I was running through the trees. I blinked, and I was standing in a forest, but it was an entirely different forest. The trees were larger, the snow was deeper, and the moon overhead was a huge full circle rather than just a sliver.
“What the hell is going on?” I demanded of no one in particular.
I stepped up next to myself, grinning widely. The new me looked almost exactly like me, except that he wasn’t wreathed in storm and he wasn’t wearing a helmet, presumably so that I would be sure to recognize my own face. “I’m guessing it’s a lot of factors at play,” he said. “If you think about it, you’re something of a special case.”
I blinked again and was running through the forest. There was blood on my mouth, and the fog around me had grown, painting a ten-foot swath of the forest white with frost.
Blink again, and I was standing still beside myself.
“What the hell is this?” I asked, not blinking. It was more a mental exercise than anything. I didn’t need to blink, not really. I didn’t really have eyes here.
“You ever really think about what it means?” my double asked. “What you’re doing right now, to a lesser extent what you do all the time, splitting up your consciousness, moving it out of your body. You ever wonder what you’re really doing to yourself, like that? Whether there’s some kind of damage involved?”
“Of course I do,” I snapped. “Or else my subconscious wouldn’t be asking about it. But what’s that have to do with what’s going on now?”
“Well, if you think about it, there’s a lot of sources of damage,” he said, walking casually along. “You Saw the Hunt last time, remember? That’s the kind of thing that, you know, it’s going to have an effect, right? Or, oh yeah, you died.”
“Pretty sure I’m alive,” I said.
“Nooo,” he said, dragging the word out. “Nope, you definitely died. You got most of your arm torn off by some kind of abomination from the void, you got shot in the chest, and you bled out on the floor of your own house. Sure, Loki brought you back after, but there’s no guarantee he put you back together the way you were.”
“I’m still the same person I was,” I said irritably. “In every way that matters. I’m sorry, did you have a point with all this rambling?”
“I’m just saying,” he said, grinning. “If you think about it, there’s all kinds of things about you that are just messed up, you know? So I figure what happened is when Blind Keith hit you with that magic, making you lose control of your fear, it had a weird interaction with something. It broke you on a level, making this happen.”
I frowned. “Okay,” I said reluctantly. “I can buy that, I guess. So that would make this…the spirit world,” I said, realizing it with a sinking feeling.
He clapped slowly. “Congratulations,” he said, his voice almost dripping with sarcasm. “I mean, it’s not like this is almost the exact same thing that you saw the last time you were trapped on a spiritual level. Or like you know for a fact that the last time you ran into the Wild Hunt you saw them on a spiritual level and it disrupted your ability to distinguish physical and spiritual perceptions. Seriously, there’s no way you could have figured this out more quickly than that.”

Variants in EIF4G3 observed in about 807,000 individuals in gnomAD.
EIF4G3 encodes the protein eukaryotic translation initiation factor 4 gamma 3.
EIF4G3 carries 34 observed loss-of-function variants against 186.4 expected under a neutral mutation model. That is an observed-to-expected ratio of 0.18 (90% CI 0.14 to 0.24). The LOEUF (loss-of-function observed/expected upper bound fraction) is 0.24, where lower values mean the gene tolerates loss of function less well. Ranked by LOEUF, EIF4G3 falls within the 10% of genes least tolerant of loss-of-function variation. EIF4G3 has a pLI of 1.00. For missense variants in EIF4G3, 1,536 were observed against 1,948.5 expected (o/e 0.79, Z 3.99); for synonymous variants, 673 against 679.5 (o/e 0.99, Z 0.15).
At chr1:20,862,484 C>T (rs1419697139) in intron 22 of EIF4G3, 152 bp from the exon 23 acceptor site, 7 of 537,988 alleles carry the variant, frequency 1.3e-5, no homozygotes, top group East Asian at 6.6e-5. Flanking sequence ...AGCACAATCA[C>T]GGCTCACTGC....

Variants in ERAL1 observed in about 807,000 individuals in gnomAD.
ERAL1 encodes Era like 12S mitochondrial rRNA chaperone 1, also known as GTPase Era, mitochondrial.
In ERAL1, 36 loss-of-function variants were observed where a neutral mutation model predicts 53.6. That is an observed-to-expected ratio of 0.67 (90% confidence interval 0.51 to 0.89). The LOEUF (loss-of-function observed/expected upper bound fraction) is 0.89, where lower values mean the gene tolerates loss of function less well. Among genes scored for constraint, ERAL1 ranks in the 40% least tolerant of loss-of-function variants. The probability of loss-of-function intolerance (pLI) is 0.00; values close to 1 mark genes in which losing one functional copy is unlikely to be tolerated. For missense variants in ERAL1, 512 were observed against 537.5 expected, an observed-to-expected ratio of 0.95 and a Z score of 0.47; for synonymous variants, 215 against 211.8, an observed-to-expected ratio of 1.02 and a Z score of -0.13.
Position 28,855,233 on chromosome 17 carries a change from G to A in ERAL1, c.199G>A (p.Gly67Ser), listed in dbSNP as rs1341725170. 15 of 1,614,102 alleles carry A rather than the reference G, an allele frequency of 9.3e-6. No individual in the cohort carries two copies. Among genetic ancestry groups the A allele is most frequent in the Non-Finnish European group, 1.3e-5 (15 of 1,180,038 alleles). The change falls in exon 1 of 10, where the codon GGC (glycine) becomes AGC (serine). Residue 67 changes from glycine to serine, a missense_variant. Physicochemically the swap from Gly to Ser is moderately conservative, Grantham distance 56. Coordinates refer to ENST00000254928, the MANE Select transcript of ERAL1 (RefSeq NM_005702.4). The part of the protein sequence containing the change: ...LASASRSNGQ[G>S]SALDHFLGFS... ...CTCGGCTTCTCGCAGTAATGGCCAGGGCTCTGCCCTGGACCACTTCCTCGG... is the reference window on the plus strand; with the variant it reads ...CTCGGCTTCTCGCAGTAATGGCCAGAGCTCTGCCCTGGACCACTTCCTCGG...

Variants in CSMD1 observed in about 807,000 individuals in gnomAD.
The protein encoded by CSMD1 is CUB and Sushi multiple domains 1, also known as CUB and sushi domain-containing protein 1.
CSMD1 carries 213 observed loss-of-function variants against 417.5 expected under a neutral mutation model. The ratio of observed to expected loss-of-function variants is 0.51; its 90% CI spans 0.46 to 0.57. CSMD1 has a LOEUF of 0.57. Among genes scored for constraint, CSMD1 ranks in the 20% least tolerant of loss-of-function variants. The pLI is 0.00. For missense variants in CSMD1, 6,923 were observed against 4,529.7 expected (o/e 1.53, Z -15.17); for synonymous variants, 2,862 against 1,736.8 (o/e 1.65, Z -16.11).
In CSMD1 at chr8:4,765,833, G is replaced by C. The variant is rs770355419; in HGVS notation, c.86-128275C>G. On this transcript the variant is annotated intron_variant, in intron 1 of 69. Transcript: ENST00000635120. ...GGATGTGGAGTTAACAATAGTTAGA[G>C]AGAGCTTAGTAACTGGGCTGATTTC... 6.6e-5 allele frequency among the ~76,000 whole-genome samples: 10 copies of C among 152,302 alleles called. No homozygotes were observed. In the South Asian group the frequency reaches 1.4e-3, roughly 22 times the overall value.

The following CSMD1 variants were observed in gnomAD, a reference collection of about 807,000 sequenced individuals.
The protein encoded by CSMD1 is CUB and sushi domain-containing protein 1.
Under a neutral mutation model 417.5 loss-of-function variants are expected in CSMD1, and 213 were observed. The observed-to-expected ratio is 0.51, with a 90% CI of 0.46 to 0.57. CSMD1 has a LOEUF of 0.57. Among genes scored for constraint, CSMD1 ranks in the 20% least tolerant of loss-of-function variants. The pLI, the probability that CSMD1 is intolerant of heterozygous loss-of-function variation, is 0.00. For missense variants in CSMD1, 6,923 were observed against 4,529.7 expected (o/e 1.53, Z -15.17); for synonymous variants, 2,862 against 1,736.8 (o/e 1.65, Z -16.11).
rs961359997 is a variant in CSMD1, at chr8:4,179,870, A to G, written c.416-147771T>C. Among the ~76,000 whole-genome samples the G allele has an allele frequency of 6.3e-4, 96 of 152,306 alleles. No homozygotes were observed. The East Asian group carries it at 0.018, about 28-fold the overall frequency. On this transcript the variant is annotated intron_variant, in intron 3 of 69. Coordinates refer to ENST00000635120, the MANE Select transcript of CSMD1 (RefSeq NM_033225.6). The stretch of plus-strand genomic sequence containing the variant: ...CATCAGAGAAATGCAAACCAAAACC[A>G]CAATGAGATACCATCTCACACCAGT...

“My subconscious is kind of a dick, isn’t it?” I commented.
He snorted. “Again, congrats, Captain Obvious. I feel I should point out that time is still passing while you’re standing there babbling.”
“No pressure,” I muttered to myself. “Okay. So the more animalistic parts of me, the werewolf, it’s running my body. Probably taking the worst of the fear, too, so I can think things through. Make a plan.” I frowned. “Not sure how much I can do here, though. I don’t see a lot of openings I can exploit.”
“It’s not his magic,” my double said, his voice oddly intense. “The Wild Hunt. It isn’t his, not really.”
I frowned and nodded. I’d noticed that—of course I had, or I wouldn’t be telling myself about it—but I hadn’t had a chance to really think through the implications. “He summoned it,” I said, thinking out loud. “But he doesn’t own it. I don’t think he even controls it, really. He brings it to him, but after that it does its own thing. And this time it split in half, sort of. One half looks like the last time I saw it, but the other half is pretty clearly associated with me. My kind of magic, my kind of environment. Which mean…oh, hell no. You have got to be kidding me.”
“There’s nothing funny about this,” my double said. It would have been more convincing if he weren’t grinning from ear to ear.
“The Wild Hunt thinks I should be leading it?”
“Or it thinks you have the potential, at least,” he agreed. “That’s the best explanation I’ve got.”
“Okay,” I said. “This…I don’t know how to deal with this, really.”
“Don’t worry about the implications,” he said. “Worry about right now. What does this mean, in the immediate sense?”
“It’s something I can use,” I said, thinking it through. “A weapon. A dangerous weapon, but that’s the best I’ve got. Now I just need to figure out how to use it.”
It took me a minute to see it, but when I did I couldn’t believe I hadn’t seen what I needed to do right away. It was a terrible plan, foolish and self-destructive and very likely to have consequences later on, but I thought it had a decent chance of solving the problem at hand.
In short, it was one of my plans. Now I just had to put it into effect.
I blinked again.
I was running through the forest. My heart was pounding, my lungs were heaving, my mouth was flecked with blood and spittle. Blood oozed from my hip as well, where a razor-sharp blade had slipped through my armor like it wasn’t even there to draw a narrow line of fire on my skin.
I was still human in shape, generally, but not remotely human in thought. There was nothing in my mind but fear. There was nothing to do but to run. Rational thought, planning, any idea of fighting back, they were all impossible.
I looked at this, then turned my attention outwards, to the Hunt as a whole. I could feel that there was still that split in it, with some members being wrapped in a thunderstorm, and others in a freezing fog.
There were fewer of them in “my” storm, now. The Wild Hunt shifting its focus to the candidate it felt was more deserving? Or was it on an individual level, people subconsciously aligning themselves with the person winning the contest? Either was plausible, and it didn’t really matter. The split existed, and that was all I really needed for my plan.
I turned my attention to the magic affecting me. Blind Keith’s magic, rather than the Hunt’s, this time. I could detect the effect, the way it was removing the limits and controls on my emotions. And, having detected it, I could affect it.
I couldn’t stop it. This was Blind Keith, a being on par with Twilight Princes and demigods. I couldn’t hope to overpower his magic, and I didn’t even try.